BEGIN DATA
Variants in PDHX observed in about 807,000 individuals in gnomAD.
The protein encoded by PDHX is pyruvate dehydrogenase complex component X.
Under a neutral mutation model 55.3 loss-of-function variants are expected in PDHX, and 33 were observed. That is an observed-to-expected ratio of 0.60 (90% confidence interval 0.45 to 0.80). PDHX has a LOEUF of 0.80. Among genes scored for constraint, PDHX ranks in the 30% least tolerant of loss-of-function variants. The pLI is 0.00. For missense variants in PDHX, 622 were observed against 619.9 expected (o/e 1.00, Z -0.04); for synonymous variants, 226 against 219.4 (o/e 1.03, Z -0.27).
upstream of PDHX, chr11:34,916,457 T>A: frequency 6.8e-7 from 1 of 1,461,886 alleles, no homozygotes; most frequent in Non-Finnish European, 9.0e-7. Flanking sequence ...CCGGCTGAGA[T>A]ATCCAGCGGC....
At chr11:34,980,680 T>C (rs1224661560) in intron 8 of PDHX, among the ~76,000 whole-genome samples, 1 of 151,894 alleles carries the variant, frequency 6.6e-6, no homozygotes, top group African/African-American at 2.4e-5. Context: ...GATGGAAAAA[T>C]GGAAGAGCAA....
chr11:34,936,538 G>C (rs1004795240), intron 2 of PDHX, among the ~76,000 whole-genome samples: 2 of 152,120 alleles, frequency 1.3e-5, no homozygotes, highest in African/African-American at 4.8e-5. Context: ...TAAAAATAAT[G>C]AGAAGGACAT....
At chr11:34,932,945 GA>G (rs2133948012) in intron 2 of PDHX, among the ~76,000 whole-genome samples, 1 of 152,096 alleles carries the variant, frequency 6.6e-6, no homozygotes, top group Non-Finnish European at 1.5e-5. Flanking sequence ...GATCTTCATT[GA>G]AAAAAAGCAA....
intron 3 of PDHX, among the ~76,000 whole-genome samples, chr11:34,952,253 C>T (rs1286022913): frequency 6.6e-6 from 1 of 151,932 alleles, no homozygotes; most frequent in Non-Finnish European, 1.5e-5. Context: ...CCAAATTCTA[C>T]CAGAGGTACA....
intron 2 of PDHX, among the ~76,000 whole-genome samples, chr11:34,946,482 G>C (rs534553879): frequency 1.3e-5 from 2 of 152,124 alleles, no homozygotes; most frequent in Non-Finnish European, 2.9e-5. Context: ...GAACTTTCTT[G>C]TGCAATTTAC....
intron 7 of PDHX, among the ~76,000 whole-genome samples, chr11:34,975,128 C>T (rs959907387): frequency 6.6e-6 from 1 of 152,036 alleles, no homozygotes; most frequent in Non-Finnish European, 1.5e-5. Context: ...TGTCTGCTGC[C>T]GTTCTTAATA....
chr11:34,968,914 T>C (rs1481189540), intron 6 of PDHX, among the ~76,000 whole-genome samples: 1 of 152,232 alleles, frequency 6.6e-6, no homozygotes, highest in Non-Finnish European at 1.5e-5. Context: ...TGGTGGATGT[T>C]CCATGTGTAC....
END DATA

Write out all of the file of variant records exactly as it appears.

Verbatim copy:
Variants in PDHX observed in about 807,000 individuals in gnomAD.
The protein encoded by PDHX is pyruvate dehydrogenase complex component X.
Under a neutral mutation model 55.3 loss-of-function variants are expected in PDHX, and 33 were observed. That is an observed-to-expected ratio of 0.60 (90% confidence interval 0.45 to 0.80). PDHX has a LOEUF of 0.80. Among genes scored for constraint, PDHX ranks in the 30% least tolerant of loss-of-function variants. The pLI is 0.00. For missense variants in PDHX, 622 were observed against 619.9 expected (o/e 1.00, Z -0.04); for synonymous variants, 226 against 219.4 (o/e 1.03, Z -0.27).
upstream of PDHX, chr11:34,916,457 T>A: frequency 6.8e-7 from 1 of 1,461,886 alleles, no homozygotes; most frequent in Non-Finnish European, 9.0e-7. Flanking sequence ...CCGGCTGAGA[T>A]ATCCAGCGGC....
At chr11:34,980,680 T>C (rs1224661560) in intron 8 of PDHX, among the ~76,000 whole-genome samples, 1 of 151,894 alleles carries the variant, frequency 6.6e-6, no homozygotes, top group African/African-American at 2.4e-5. Context: ...GATGGAAAAA[T>C]GGAAGAGCAA....
chr11:34,936,538 G>C (rs1004795240), intron 2 of PDHX, among the ~76,000 whole-genome samples: 2 of 152,120 alleles, frequency 1.3e-5, no homozygotes, highest in African/African-American at 4.8e-5. Context: ...TAAAAATAAT[G>C]AGAAGGACAT....
At chr11:34,932,945 GA>G (rs2133948012) in intron 2 of PDHX, among the ~76,000 whole-genome samples, 1 of 152,096 alleles carries the variant, frequency 6.6e-6, no homozygotes, top group Non-Finnish European at 1.5e-5. Flanking sequence ...GATCTTCATT[GA>G]AAAAAAGCAA....
intron 3 of PDHX, among the ~76,000 whole-genome samples, chr11:34,952,253 C>T (rs1286022913): frequency 6.6e-6 from 1 of 151,932 alleles, no homozygotes; most frequent in Non-Finnish European, 1.5e-5. Context: ...CCAAATTCTA[C>T]CAGAGGTACA....
intron 2 of PDHX, among the ~76,000 whole-genome samples, chr11:34,946,482 G>C (rs534553879): frequency 1.3e-5 from 2 of 152,124 alleles, no homozygotes; most frequent in Non-Finnish European, 2.9e-5. Context: ...GAACTTTCTT[G>C]TGCAATTTAC....
intron 7 of PDHX, among the ~76,000 whole-genome samples, chr11:34,975,128 C>T (rs959907387): frequency 6.6e-6 from 1 of 152,036 alleles, no homozygotes; most frequent in Non-Finnish European, 1.5e-5. Context: ...TGTCTGCTGC[C>T]GTTCTTAATA....
chr11:34,968,914 T>C (rs1481189540), intron 6 of PDHX, among the ~76,000 whole-genome samples: 1 of 152,232 alleles, frequency 6.6e-6, no homozygotes, highest in Non-Finnish European at 1.5e-5. Context: ...TGGTGGATGT[T>C]CCATGTGTAC....